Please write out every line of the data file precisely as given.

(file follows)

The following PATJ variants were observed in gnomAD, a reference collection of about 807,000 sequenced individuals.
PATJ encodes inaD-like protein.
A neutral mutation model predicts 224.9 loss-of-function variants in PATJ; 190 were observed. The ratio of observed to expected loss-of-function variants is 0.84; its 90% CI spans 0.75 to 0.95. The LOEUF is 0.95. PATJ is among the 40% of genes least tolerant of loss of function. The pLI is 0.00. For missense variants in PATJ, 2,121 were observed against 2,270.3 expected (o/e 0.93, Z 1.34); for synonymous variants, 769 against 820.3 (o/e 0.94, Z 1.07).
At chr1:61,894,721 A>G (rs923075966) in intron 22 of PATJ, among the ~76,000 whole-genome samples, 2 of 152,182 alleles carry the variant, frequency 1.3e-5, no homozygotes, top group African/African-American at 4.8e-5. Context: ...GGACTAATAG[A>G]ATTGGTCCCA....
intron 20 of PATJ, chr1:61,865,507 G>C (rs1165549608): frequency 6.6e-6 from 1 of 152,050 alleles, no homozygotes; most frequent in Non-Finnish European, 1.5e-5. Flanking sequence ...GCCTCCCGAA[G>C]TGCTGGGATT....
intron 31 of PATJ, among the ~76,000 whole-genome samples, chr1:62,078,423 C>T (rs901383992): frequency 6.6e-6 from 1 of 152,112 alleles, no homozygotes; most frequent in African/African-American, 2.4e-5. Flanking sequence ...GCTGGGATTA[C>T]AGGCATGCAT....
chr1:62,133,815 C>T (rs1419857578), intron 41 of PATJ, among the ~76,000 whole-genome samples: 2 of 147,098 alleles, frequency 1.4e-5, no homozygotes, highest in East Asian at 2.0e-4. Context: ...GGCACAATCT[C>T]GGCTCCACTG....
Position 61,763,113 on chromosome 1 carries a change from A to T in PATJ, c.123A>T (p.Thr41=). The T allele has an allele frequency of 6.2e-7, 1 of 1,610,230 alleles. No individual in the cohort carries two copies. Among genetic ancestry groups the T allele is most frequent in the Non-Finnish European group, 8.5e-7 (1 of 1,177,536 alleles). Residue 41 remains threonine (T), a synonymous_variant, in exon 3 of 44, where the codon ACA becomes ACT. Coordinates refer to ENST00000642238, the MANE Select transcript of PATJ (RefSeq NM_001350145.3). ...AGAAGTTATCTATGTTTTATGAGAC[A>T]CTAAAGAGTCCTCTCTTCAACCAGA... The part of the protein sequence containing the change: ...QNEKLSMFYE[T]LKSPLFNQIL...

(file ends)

The following PATJ variants were observed in gnomAD, a reference collection of about 807,000 sequenced individuals.
PATJ encodes inaD-like protein.
A neutral mutation model predicts 224.9 loss-of-function variants in PATJ; 190 were observed. The ratio of observed to expected loss-of-function variants is 0.84; its 90% CI spans 0.75 to 0.95. The LOEUF is 0.95. PATJ is among the 40% of genes least tolerant of loss of function. The pLI is 0.00. For missense variants in PATJ, 2,121 were observed against 2,270.3 expected (o/e 0.93, Z 1.34); for synonymous variants, 769 against 820.3 (o/e 0.94, Z 1.07).
At chr1:61,894,721 A>G (rs923075966) in intron 22 of PATJ, among the ~76,000 whole-genome samples, 2 of 152,182 alleles carry the variant, frequency 1.3e-5, no homozygotes, top group African/African-American at 4.8e-5. Context: ...GGACTAATAG[A>G]ATTGGTCCCA....
intron 20 of PATJ, chr1:61,865,507 G>C (rs1165549608): frequency 6.6e-6 from 1 of 152,050 alleles, no homozygotes; most frequent in Non-Finnish European, 1.5e-5. Flanking sequence ...GCCTCCCGAA[G>C]TGCTGGGATT....
intron 31 of PATJ, among the ~76,000 whole-genome samples, chr1:62,078,423 C>T (rs901383992): frequency 6.6e-6 from 1 of 152,112 alleles, no homozygotes; most frequent in African/African-American, 2.4e-5. Flanking sequence ...GCTGGGATTA[C>T]AGGCATGCAT....
chr1:62,133,815 C>T (rs1419857578), intron 41 of PATJ, among the ~76,000 whole-genome samples: 2 of 147,098 alleles, frequency 1.4e-5, no homozygotes, highest in East Asian at 2.0e-4. Context: ...GGCACAATCT[C>T]GGCTCCACTG....
Position 61,763,113 on chromosome 1 carries a change from A to T in PATJ, c.123A>T (p.Thr41=). The T allele has an allele frequency of 6.2e-7, 1 of 1,610,230 alleles. No individual in the cohort carries two copies. Among genetic ancestry groups the T allele is most frequent in the Non-Finnish European group, 8.5e-7 (1 of 1,177,536 alleles). Residue 41 remains threonine (T), a synonymous_variant, in exon 3 of 44, where the codon ACA becomes ACT. Coordinates refer to ENST00000642238, the MANE Select transcript of PATJ (RefSeq NM_001350145.3). ...AGAAGTTATCTATGTTTTATGAGAC[A>T]CTAAAGAGTCCTCTCTTCAACCAGA... The part of the protein sequence containing the change: ...QNEKLSMFYE[T]LKSPLFNQIL...